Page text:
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Eli Lilly says obesity drug has similar results to weight-loss surgery

Eli Lilly said a late-stage trial of its new weight-loss drug showed it helped patients on high doses reduce their body weight by about a fifth, raising hopes among doctors and investors that it could become a blockbuster treatment to tackle the global obesity epidemic.

The US drugmaker said its drug Tirzepatide showed an average loss of 15 per cent of body weight on a low dose to 22.5 per cent on a higher dose, and the results could pave the way for an expedited application for regulatory approval in the US.

“We view this as a potential breakthrough for the treatment of obesity,” said Jeff Emmick, vice-president of product development at Eli Lilly. “It is the first pharmacological treatment that’s demonstrated more than 20 per cent weight loss on average in a phase 3 clinical trial.”

He told the Financial Times the drug showed similar effectiveness to bariatric surgery, or weight-loss surgery, without the complications and concerns that went along with such invasive procedures and added the company would approach the US Food and Drug Administration about potential pathways for an earlier submission for regulatory approval.

Shares in Lilly rose 3 per cent to $294.58 at midday trading, boosted by the positive trial results and a 40 per cent increase in its net profit driven by strong sales of its Covid-19 antibody treatment.

Tirzepatide adds to Lilly’s growing pipeline of drugs. The company is on track to meet its goal of launching 20 new medicines over the 10-year period from 2014 to 2023.

Pharmaceutical companies are rushing to develop a new generation of drugs to tackle a growing crisis in the US, where two in five people suffer from obesity, according to data published by the Centers for Disease Control and Prevention.

The World Health Organization estimates about 650mn people suffer from obesity worldwide.

Lilly’s Tirzepatide is administered once a week by injection and acts to suppress a person’s appetite and increase energy expenditure.

Analysts said earlier generations of weight-loss drugs had proven disappointing, often because of safety concerns and the fact that patients tended to put weight back on when they stopped their treatments. But the positive trial results from Lilly and the approval by US regulators last year of a rival drug, Wegovy, developed by Danish drugmaker Novo Nordisk is transforming the market, they say.

“We’ve now got a material market creation opportunity. Obesity is currently maybe a bit over a $1bn-a-year market, but could grow well in excess of $10bn,” said Peter Verdult, an analyst at Citi.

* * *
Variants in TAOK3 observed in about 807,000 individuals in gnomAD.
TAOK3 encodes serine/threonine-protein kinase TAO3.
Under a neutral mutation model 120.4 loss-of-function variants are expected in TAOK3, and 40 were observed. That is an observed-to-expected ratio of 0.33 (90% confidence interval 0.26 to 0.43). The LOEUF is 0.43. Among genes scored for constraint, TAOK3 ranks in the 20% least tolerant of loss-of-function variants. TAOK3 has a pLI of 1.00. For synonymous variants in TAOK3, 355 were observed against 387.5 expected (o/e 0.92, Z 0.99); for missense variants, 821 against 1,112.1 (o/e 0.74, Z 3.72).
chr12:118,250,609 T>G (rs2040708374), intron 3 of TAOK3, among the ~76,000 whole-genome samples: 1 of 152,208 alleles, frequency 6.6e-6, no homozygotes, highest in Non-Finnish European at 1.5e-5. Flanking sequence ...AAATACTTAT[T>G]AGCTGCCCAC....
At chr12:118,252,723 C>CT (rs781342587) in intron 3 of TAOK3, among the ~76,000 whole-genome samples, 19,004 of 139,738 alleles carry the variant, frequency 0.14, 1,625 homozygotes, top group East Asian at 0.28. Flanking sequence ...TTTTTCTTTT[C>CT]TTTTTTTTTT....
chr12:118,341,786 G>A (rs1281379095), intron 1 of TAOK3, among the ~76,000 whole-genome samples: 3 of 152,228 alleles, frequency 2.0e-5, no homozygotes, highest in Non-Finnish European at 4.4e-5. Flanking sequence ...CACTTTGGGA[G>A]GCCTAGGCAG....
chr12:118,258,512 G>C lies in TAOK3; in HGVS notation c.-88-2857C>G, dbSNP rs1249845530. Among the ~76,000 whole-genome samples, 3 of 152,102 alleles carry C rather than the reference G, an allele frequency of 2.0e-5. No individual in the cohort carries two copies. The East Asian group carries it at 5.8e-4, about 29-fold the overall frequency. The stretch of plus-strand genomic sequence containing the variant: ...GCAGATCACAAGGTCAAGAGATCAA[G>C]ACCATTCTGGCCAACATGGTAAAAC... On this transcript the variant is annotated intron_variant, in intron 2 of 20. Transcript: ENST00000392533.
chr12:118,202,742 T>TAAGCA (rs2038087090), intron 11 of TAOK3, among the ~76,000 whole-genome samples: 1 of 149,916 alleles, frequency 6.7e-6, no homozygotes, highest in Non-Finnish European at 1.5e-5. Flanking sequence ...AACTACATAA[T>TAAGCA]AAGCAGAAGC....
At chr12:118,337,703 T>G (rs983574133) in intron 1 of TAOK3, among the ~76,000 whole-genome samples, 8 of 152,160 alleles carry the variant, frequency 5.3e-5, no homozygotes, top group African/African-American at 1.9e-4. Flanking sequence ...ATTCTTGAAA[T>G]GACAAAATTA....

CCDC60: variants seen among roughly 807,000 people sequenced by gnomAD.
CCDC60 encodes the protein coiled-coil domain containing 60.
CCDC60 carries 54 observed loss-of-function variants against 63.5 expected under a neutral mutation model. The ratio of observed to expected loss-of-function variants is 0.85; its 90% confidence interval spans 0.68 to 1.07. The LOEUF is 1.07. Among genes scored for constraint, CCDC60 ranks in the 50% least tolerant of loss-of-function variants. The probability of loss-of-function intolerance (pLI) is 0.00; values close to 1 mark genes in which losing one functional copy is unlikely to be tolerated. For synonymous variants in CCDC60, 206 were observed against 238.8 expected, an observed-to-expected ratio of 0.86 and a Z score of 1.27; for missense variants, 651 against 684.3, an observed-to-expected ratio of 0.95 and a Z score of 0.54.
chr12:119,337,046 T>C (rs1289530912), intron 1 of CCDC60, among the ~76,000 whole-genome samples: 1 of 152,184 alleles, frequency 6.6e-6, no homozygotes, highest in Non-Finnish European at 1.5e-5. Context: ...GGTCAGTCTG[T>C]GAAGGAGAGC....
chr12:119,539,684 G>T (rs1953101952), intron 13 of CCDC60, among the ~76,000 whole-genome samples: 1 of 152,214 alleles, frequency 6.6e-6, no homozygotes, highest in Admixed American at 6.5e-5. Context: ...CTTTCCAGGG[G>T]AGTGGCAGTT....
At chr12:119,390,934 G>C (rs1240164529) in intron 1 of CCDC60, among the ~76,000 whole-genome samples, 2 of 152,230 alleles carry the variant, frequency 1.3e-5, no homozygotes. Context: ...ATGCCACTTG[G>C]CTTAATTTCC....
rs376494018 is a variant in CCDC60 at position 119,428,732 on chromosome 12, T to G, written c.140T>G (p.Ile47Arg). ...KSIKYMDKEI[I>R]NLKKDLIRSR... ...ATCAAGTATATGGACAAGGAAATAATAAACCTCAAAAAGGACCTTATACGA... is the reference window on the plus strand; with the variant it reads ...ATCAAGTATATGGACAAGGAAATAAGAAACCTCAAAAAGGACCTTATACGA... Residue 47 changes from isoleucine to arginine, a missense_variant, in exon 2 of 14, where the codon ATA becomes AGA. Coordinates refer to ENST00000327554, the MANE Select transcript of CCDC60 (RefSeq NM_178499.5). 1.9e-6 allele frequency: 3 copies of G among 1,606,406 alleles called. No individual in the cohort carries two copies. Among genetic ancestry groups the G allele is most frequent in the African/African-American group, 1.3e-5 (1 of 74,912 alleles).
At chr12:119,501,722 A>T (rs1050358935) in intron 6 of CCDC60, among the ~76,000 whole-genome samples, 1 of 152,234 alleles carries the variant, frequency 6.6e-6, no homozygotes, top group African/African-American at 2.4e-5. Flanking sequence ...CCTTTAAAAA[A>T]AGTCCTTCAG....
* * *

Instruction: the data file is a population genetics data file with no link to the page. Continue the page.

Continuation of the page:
Shares in Novo Nordisk fell 2.3 per cent after Eli Lilly’s drug appeared to be more effective than Wegovy. In a late-stage trial, the average patient taking Wegovy lost about 15 per cent of their body weight, with a third of patients losing more than 20 per cent.

Novo Nordisk said on Thursday: “We are confident in our obesity portfolio, which includes Wegovy and Saxenda, as well as our industry-leading pipeline.”

Wegovy was the first weight-loss drug approved by the FDA since 2014. Physicians can prescribe it for obese or overweight patients with comorbidity such as high blood pressure or diabetes.

Both Novo Nordisk and — if approved — Eli Lilly will face a battle to convince payers to fund the drug. The drugmakers will argue obesity causes complications that can be more expensive down the line, but may face some pushback as the market is so large.

Patrick O’Neil, an expert on obesity at Medical University of South Carolina, said the new drugs represented a step change in the treatment of obesity, compared to previous treatments.

“If you lose 15 to 20 per cent of your body weight then you are going to see some noticeable improvements in health and fitness,” he said. “But it should be remembered these medications should be used in addition to changes to diet, exercise and behaviour.”

In the US, Medicare, the public-funded health insurer for seniors, does not fund drugs for obesity management. But the UK’s National Institute for Health and Care Excellence, known as Nice, issued draft guidance in February recommending Wegovy be prescribed to adults with a weight-related health condition and a body mass index of at least 35.

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